Posts Tagged ‘data mining’

Our Life online – Workshop+debate – 24 February 2012 at CCCB

Friday, February 17th, 2012

The first session of I+C+i 2012 carries out a critical explanation of software policies, the notion of identity on the social networks and the impact of simulation caused by new artificial life applications. A workshop taught by Naked on Pluto, winners of the VIDA 13.2 prize and Gerald Kogler, and a discussion with the participation of experts such as Jussi Parikka, Pau Waelder, Aymeric Mansoux, and Mónica Bello, promise an intense day of action and reflection on lesser known aspects of our life on the web.

Session organised in collaboration with Fundación Telefónica.


BoF + Constant + NoP Public Lecture at Piet Zwart Institute

Monday, March 14th, 2011

Public Lecture: Joris van Hoboken, Nicolas Malevé and Aymeric Mansoux
Date: Wednesday, 16/03/2011
Time: doors open at 18:45, lecture begins at 19:00
Location: Mauritsstraat 36, Rotterdam
Entrance free
streamed at:

Bringing together artists, programmers and theorists, Sniff, Scrape, Crawl… is a series of lectures examining the porous borders of privacy in the digital age. Previous public events in this series have touched upon a wide rage of topics such as surveillance, data-mining, the function and limits of anonymity, and the profound influence of network architecture on social, political and legal issues.

Plutonian Striptease X: Constant

Sunday, October 31st, 2010

astounding stories of super science: spawn of the stars
Plutonian Striptease is a series of interviews with experts, owners, users, fans and haters of social media, to map the different views on this topic, outside the existing discussions surrounding privacy.

Constant is a non-profit association, an interdisciplinary arts-lab based and active in Brussels since 1997. Constant works in-between media and art and is interested in the culture and ethics of the World Wide Web. The artistic practice of Constant is inspired by the way that technological infrastructures, data-exchange and software determine our daily life. Free software, copyright alternatives and (cyber)feminism are important threads running through the activities of Constant. Constant organizes workshops, print-parties, walks and ‘Verbindingen/Jonctions’-meetings on a regular basis for a public that’s into experiments, discussions and all kinds of exchanges.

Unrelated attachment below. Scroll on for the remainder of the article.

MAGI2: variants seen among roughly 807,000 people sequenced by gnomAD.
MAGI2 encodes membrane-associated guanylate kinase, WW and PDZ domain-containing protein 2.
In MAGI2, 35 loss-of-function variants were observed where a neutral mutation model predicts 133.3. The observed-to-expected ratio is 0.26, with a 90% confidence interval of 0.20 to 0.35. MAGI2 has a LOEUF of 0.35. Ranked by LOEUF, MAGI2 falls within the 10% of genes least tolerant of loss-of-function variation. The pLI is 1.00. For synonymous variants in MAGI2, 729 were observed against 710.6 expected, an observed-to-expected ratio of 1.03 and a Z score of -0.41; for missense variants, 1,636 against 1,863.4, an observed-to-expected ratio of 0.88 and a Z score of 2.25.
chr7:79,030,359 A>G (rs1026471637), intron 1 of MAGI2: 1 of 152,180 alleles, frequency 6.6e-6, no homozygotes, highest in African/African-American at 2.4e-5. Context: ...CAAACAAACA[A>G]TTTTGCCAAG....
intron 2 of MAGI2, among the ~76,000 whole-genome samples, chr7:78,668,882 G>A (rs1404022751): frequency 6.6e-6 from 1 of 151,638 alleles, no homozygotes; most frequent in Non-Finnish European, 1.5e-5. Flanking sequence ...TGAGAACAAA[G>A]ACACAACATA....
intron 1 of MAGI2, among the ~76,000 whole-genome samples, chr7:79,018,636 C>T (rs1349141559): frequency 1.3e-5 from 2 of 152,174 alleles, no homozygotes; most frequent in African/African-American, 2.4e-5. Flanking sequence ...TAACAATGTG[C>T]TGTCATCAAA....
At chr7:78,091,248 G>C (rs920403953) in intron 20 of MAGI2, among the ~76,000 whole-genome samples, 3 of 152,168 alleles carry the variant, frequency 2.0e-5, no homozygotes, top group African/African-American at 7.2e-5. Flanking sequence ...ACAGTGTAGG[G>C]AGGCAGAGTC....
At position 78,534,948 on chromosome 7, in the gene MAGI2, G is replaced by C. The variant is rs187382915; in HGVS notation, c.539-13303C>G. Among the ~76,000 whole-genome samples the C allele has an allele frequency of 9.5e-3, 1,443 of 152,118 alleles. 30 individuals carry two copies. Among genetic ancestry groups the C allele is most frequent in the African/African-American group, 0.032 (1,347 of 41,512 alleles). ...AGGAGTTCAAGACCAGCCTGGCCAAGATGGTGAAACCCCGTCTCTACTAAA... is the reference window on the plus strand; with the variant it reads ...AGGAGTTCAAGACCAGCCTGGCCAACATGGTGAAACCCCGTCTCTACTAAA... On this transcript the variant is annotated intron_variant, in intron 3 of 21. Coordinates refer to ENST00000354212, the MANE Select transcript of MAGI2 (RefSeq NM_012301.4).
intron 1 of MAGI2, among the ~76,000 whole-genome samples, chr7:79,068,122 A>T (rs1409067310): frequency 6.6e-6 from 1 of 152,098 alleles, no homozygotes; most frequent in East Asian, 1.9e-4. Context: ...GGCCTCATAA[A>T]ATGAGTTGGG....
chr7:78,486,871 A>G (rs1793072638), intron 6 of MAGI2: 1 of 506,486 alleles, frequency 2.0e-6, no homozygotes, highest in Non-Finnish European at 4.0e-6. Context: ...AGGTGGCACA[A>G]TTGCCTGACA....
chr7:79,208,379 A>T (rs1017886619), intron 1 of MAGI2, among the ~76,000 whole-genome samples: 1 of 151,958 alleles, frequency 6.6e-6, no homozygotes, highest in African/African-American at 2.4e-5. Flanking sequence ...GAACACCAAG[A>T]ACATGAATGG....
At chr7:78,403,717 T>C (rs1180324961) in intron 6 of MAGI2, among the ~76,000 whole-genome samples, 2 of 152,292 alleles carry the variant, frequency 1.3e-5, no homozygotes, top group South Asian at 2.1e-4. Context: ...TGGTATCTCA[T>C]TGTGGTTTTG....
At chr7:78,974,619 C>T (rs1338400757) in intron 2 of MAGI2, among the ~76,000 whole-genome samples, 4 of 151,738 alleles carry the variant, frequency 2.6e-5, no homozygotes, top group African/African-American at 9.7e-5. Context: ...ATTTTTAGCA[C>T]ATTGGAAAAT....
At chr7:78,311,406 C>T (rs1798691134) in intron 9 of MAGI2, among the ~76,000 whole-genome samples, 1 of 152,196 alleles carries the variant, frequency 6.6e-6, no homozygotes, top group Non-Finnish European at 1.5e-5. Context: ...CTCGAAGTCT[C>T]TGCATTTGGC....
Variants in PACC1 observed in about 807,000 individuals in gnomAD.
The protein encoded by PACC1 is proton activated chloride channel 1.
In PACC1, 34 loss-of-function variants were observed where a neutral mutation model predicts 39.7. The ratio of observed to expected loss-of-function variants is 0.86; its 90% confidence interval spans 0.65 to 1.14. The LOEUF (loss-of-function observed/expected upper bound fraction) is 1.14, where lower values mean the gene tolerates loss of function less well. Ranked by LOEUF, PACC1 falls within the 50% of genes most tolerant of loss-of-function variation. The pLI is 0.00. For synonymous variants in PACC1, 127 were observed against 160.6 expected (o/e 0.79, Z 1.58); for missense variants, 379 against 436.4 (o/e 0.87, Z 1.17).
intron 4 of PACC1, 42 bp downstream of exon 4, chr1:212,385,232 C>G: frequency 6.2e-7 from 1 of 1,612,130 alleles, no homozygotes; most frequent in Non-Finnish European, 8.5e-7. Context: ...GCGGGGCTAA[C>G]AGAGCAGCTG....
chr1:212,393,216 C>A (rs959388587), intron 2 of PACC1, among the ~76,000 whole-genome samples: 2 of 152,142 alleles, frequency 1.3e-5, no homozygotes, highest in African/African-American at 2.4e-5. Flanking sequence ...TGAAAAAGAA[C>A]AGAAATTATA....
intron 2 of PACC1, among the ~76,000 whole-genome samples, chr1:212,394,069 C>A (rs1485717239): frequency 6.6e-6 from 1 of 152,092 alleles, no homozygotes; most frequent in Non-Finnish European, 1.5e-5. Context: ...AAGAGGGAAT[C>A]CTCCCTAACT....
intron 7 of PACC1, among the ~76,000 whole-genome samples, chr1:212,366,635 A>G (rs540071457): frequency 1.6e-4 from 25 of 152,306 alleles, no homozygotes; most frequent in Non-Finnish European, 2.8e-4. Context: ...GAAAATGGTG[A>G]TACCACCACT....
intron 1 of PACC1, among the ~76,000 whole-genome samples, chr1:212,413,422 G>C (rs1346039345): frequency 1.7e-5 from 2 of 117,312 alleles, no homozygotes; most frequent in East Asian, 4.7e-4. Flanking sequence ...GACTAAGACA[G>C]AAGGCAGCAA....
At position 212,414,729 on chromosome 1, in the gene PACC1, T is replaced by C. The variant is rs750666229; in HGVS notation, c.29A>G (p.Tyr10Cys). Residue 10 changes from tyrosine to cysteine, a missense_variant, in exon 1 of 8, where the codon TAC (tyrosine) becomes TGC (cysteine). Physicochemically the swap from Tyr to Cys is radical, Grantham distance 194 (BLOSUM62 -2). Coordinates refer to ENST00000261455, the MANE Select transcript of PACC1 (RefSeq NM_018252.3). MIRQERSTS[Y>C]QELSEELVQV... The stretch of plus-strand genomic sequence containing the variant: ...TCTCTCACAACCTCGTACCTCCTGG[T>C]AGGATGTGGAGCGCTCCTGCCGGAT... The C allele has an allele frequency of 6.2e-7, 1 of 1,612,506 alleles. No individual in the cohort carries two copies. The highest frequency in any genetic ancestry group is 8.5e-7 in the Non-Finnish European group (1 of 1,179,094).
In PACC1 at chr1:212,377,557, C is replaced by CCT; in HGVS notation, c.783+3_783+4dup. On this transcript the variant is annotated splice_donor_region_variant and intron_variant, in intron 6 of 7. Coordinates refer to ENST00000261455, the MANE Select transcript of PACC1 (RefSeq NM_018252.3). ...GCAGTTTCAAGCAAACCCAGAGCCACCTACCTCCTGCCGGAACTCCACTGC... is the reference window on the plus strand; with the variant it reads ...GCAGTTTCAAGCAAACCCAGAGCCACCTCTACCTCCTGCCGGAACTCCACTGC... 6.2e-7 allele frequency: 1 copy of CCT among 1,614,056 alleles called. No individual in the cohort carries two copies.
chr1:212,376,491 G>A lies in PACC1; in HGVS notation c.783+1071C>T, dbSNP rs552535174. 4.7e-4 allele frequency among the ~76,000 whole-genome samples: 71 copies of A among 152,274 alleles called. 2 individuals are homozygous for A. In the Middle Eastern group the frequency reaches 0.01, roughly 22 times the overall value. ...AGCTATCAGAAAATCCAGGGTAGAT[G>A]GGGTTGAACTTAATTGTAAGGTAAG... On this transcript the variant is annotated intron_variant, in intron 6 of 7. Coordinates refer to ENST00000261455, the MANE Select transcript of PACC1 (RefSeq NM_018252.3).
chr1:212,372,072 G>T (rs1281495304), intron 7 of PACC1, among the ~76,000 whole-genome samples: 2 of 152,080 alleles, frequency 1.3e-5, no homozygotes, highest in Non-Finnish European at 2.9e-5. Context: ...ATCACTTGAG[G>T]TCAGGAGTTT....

Michel Cleempoel, graduated at the national superior art school of la Cambre – Brussels. Author of numerous digital art works and exhibitions, in collaboration with Nicolas Malevé.

Nicolas Malevé, a multimedia artist since 1998, has been an active member of the association Constant. As such, he has taken part in organizing various activities to do with alternatives to copyrights, such as Copy.cult & The Original Si(g)n, held in 2000. He has been developing multimedia projects and web applications for cultural organisations. His research work is currently focused on information structures, metadata and the semantic web and the means to visually represent them.

Social networks are often in the news, why do you think this is?
Essentially because of their scale. Facebook reports having more than 500 million active users.[1] This, of course, inspires all kinds of commercial dreams. Social networks barely brought something new to the web. For personal pages, Friendster predates largely Facebook and the other social networks. And the functionalities they offer barely innovate. It is their momentum though since a large portion of the online population happily subscribes and uses these services. In our view, social networks are an internet in miniature, what the bourgeois garden is to nature: a domestic version, with fences, controllable, reassuring, narrow-minded. They have their own version of email, chat, links, search, page but everything in redux. As they are powered by social pressure, they are an endless source of anecdotes fueling the media.

It is important to remark that we hear a lot about proprietary social networks and too rarely about free social networks in the mainstream media. They exist though and are used by governments, businesses or academic institutions: ie, elgg[2], a social network releasing its code under the GPL powers various important platforms like Oxfam, Federal Canadian Government, Johns Hopkins University or Université Lille 1. (more…)

Plutonian Striptease VII: Florian Cramer

Saturday, October 9th, 2010

astouning stories of super science: the ape-men of xlotli

Plutonian Striptease is a series of interviews with experts, owners, users, fans and haters of social media, to map the different views on this topic, outside the existing discussions surrounding privacy.

Florian Cramer‘s background is comparative literature and art history with a focus on experimental arts, media, poetics and aesthetics. From 2006 to 2010, he was responsible for the Networked Media Master programme of the Piet Zwart Institute. Since 2008, he works as an applied research professor (Dutch: “lector”) supervising the research programme Communication in a Digital Age of the Piet Zwart Institute.